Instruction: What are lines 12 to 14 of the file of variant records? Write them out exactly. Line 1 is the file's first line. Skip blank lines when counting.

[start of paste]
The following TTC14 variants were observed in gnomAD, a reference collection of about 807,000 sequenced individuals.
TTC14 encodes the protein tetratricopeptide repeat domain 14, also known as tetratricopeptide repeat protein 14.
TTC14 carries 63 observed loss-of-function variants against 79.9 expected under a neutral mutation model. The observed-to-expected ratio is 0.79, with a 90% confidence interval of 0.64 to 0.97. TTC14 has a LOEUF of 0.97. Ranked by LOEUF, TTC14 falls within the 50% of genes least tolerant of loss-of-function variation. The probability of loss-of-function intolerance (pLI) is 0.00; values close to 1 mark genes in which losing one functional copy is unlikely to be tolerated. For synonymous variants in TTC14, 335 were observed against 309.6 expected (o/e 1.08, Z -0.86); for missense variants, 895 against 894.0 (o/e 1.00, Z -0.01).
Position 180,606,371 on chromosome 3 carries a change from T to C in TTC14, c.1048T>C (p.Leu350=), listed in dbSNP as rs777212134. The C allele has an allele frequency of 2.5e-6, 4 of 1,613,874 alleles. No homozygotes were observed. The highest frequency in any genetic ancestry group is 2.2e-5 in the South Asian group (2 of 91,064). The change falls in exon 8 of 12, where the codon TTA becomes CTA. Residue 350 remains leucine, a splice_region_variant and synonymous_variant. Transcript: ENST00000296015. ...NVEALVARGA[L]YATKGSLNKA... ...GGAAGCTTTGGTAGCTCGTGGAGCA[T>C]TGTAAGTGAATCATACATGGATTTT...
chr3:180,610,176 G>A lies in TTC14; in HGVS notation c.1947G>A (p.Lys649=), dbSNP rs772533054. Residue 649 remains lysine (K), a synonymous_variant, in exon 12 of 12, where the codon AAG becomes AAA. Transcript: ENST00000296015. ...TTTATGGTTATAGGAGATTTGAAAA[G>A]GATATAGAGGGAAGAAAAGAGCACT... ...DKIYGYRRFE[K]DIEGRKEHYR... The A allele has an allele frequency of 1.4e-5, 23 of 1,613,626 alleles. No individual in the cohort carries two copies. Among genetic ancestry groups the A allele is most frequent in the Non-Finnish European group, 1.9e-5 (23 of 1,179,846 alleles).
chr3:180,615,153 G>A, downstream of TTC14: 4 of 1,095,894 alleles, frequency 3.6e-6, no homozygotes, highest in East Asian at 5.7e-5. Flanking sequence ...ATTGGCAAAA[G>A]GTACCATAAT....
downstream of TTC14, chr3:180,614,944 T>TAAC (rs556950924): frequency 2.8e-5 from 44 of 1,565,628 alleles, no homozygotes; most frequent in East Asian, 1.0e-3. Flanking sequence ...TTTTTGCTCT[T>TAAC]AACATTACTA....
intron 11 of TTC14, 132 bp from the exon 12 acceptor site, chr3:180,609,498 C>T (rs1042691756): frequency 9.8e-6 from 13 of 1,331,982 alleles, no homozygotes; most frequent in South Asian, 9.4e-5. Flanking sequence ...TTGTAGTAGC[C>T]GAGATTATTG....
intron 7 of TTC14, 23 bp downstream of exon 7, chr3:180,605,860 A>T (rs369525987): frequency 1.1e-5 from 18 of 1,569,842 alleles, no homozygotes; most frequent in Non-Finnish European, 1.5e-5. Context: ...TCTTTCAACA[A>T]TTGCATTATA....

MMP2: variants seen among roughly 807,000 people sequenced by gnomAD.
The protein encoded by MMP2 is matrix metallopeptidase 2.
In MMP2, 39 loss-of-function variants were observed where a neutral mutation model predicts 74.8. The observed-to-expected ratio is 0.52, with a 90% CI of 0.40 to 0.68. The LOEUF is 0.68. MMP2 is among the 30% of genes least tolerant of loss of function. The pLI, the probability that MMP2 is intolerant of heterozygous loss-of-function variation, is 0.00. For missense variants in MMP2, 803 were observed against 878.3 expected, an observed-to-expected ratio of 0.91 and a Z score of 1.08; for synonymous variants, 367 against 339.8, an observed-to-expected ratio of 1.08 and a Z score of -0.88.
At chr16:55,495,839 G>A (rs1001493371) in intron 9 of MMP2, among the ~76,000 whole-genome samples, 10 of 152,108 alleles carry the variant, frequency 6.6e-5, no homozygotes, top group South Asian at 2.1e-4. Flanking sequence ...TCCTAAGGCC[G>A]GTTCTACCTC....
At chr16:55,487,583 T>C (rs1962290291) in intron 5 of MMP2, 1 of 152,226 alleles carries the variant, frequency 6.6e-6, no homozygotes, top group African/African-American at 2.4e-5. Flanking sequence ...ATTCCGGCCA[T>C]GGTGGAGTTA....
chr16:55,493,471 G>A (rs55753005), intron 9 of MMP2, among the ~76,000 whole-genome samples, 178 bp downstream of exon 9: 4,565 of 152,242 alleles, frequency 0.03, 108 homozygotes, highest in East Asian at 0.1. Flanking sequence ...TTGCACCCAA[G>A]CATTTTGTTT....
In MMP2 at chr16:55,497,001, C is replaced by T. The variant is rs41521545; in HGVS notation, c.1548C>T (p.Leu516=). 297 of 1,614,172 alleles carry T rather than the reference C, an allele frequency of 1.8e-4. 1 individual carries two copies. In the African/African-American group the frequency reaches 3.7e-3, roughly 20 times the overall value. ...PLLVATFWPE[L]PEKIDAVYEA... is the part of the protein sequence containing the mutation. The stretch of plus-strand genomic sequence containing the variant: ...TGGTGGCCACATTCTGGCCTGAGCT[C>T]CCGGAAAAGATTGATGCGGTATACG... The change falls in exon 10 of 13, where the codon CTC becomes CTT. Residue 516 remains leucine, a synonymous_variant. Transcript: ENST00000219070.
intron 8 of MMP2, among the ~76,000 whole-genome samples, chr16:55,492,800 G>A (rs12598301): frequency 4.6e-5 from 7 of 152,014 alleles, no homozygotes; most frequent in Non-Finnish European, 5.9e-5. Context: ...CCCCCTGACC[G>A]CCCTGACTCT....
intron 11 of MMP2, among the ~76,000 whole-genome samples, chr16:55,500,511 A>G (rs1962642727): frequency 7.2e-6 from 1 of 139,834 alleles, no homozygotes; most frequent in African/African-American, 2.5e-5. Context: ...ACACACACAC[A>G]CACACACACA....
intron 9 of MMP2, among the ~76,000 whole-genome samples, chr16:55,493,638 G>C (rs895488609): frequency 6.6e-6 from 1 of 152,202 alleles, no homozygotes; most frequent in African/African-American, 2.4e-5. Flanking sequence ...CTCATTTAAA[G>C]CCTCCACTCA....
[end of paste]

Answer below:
In MMP2, 39 loss-of-function variants were observed where a neutral mutation model predicts 74.8. The observed-to-expected ratio is 0.52, with a 90% CI of 0.40 to 0.68. The LOEUF is 0.68. MMP2 is among the 30% of genes least tolerant of loss of function. The pLI, the probability that MMP2 is intolerant of heterozygous loss-of-function variation, is 0.00. For missense variants in MMP2, 803 were observed against 878.3 expected, an observed-to-expected ratio of 0.91 and a Z score of 1.08; for synonymous variants, 367 against 339.8, an observed-to-expected ratio of 1.08 and a Z score of -0.88.
At chr16:55,495,839 G>A (rs1001493371) in intron 9 of MMP2, among the ~76,000 whole-genome samples, 10 of 152,108 alleles carry the variant, frequency 6.6e-5, no homozygotes, top group South Asian at 2.1e-4. Flanking sequence ...TCCTAAGGCC[G>A]GTTCTACCTC....
At chr16:55,487,583 T>C (rs1962290291) in intron 5 of MMP2, 1 of 152,226 alleles carries the variant, frequency 6.6e-6, no homozygotes, top group African/African-American at 2.4e-5. Flanking sequence ...ATTCCGGCCA[T>C]GGTGGAGTTA....